This half-day course provides participants with everything they need to know about foods that may trigger an allergic reaction. You will learn your legal responsibilities, hidden allergens, labelling requirements and more and come away with an understanding of how to minimise the risk of cross-contamination. 

The level 2 course is suitable for anyone who handles food, including front-of-house staff, in all business sectors. The course can be taken online for the utmost convenience or in person with an in-house course so that a whole team or larger group can be trained at once. 

Highfield Level 3 Award in Food Allergen Management in Catering

Are you a manager or a supervisor? This level 3 course might be for you.

Alongside knowledge about allergens, reactions and how to mitigate the risk of cross-contamination, this course trains participants in the importance of accurate communication of ingredient information from supplier to consumer. Individuals will understand how to control food allergens at all stages of food purchase and production, ensuring that allergen information is communicated to customers.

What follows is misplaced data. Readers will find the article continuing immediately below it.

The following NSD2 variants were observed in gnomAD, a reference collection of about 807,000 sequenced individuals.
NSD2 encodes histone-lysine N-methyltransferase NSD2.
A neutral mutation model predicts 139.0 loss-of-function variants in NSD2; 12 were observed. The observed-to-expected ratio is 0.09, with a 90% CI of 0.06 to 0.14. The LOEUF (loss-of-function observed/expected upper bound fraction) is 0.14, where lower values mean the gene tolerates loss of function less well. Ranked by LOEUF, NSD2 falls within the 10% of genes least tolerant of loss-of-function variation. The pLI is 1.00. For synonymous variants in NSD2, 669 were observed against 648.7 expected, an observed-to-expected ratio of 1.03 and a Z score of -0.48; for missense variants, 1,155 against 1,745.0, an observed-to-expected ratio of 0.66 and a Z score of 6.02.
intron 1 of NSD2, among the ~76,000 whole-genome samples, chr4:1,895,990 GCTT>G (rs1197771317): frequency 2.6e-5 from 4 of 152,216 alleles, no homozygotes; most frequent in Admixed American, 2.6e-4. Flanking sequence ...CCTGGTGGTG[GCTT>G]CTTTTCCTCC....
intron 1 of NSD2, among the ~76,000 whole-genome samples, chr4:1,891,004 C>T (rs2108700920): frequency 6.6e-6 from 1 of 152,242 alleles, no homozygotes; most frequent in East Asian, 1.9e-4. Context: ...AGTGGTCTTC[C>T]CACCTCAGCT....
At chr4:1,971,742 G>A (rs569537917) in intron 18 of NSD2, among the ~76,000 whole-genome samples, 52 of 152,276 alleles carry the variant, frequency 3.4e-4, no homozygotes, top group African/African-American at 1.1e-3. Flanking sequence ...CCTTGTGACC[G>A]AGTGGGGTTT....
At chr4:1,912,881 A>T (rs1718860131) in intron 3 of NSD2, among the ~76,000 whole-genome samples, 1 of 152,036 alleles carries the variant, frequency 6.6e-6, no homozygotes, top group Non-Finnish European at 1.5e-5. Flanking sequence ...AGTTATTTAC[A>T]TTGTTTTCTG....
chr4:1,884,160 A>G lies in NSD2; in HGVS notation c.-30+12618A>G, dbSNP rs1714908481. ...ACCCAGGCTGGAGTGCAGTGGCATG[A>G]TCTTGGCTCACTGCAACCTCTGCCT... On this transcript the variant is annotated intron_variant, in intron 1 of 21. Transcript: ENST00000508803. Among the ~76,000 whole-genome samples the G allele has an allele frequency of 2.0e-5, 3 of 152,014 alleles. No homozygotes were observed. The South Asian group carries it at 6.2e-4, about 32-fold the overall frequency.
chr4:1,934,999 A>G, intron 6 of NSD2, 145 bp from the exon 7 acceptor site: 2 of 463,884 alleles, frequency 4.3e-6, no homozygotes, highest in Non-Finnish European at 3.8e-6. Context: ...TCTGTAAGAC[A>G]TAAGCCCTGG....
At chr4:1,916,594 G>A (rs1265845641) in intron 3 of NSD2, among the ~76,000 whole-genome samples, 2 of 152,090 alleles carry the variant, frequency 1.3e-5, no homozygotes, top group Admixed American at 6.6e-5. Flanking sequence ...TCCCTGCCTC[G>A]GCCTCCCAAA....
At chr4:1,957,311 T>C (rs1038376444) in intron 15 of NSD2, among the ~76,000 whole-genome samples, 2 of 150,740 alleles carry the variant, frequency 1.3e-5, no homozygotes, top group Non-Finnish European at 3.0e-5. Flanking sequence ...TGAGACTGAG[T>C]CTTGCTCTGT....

Proactive Strategies For Caterers

Training will cover best practices in detail, but here are some quick tips for keeping your kitchen allergen safe.

Allergen-Free Zones

Have an allergen-free preparation zone separate from other prep areas. Keeping allergen-free foods separate applies to all aspects of food service, including delivery to the customer’s table. One member of service staff should carry the allergen-free plate of food to the table rather than transport all of the dishes together.

Colour Coding

Colour-coded utensils and equipment will minimise cross-contamination risks. Ensure that staff members only wash one colour group together, using new gloves each time.

Meticulous Admin